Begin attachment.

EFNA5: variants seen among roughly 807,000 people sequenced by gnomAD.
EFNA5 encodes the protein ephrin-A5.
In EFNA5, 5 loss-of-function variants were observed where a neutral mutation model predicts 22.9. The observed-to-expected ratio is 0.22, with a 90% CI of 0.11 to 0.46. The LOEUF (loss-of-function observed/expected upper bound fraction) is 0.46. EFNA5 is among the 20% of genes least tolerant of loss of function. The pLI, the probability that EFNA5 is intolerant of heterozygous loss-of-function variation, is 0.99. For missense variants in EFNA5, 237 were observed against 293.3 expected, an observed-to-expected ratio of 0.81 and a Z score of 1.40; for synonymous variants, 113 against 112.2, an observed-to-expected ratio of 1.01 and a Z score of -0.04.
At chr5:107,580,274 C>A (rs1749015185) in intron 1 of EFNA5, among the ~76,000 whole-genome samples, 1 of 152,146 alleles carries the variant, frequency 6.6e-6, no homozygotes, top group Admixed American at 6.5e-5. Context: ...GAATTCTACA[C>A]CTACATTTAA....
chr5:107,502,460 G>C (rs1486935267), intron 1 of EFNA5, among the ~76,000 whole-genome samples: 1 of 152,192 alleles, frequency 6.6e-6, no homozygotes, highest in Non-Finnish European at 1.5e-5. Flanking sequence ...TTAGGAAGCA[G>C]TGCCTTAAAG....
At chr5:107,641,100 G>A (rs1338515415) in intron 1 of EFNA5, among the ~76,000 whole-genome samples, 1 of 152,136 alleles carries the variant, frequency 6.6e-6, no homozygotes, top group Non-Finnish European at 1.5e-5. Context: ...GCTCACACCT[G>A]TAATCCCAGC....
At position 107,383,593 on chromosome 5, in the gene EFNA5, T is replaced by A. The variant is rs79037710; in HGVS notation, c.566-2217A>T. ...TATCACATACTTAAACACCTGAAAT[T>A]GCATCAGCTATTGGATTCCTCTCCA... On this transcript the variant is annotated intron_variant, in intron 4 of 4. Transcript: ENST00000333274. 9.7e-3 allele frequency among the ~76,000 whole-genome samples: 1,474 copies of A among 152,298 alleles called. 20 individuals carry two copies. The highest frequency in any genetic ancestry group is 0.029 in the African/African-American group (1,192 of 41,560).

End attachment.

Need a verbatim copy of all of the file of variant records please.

EFNA5: variants seen among roughly 807,000 people sequenced by gnomAD.
EFNA5 encodes the protein ephrin-A5.
In EFNA5, 5 loss-of-function variants were observed where a neutral mutation model predicts 22.9. The observed-to-expected ratio is 0.22, with a 90% CI of 0.11 to 0.46. The LOEUF (loss-of-function observed/expected upper bound fraction) is 0.46. EFNA5 is among the 20% of genes least tolerant of loss of function. The pLI, the probability that EFNA5 is intolerant of heterozygous loss-of-function variation, is 0.99. For missense variants in EFNA5, 237 were observed against 293.3 expected, an observed-to-expected ratio of 0.81 and a Z score of 1.40; for synonymous variants, 113 against 112.2, an observed-to-expected ratio of 1.01 and a Z score of -0.04.
At chr5:107,580,274 C>A (rs1749015185) in intron 1 of EFNA5, among the ~76,000 whole-genome samples, 1 of 152,146 alleles carries the variant, frequency 6.6e-6, no homozygotes, top group Admixed American at 6.5e-5. Context: ...GAATTCTACA[C>A]CTACATTTAA....
chr5:107,502,460 G>C (rs1486935267), intron 1 of EFNA5, among the ~76,000 whole-genome samples: 1 of 152,192 alleles, frequency 6.6e-6, no homozygotes, highest in Non-Finnish European at 1.5e-5. Flanking sequence ...TTAGGAAGCA[G>C]TGCCTTAAAG....
At chr5:107,641,100 G>A (rs1338515415) in intron 1 of EFNA5, among the ~76,000 whole-genome samples, 1 of 152,136 alleles carries the variant, frequency 6.6e-6, no homozygotes, top group Non-Finnish European at 1.5e-5. Context: ...GCTCACACCT[G>A]TAATCCCAGC....
At position 107,383,593 on chromosome 5, in the gene EFNA5, T is replaced by A. The variant is rs79037710; in HGVS notation, c.566-2217A>T. ...TATCACATACTTAAACACCTGAAAT[T>A]GCATCAGCTATTGGATTCCTCTCCA... On this transcript the variant is annotated intron_variant, in intron 4 of 4. Transcript: ENST00000333274. 9.7e-3 allele frequency among the ~76,000 whole-genome samples: 1,474 copies of A among 152,298 alleles called. 20 individuals carry two copies. The highest frequency in any genetic ancestry group is 0.029 in the African/African-American group (1,192 of 41,560).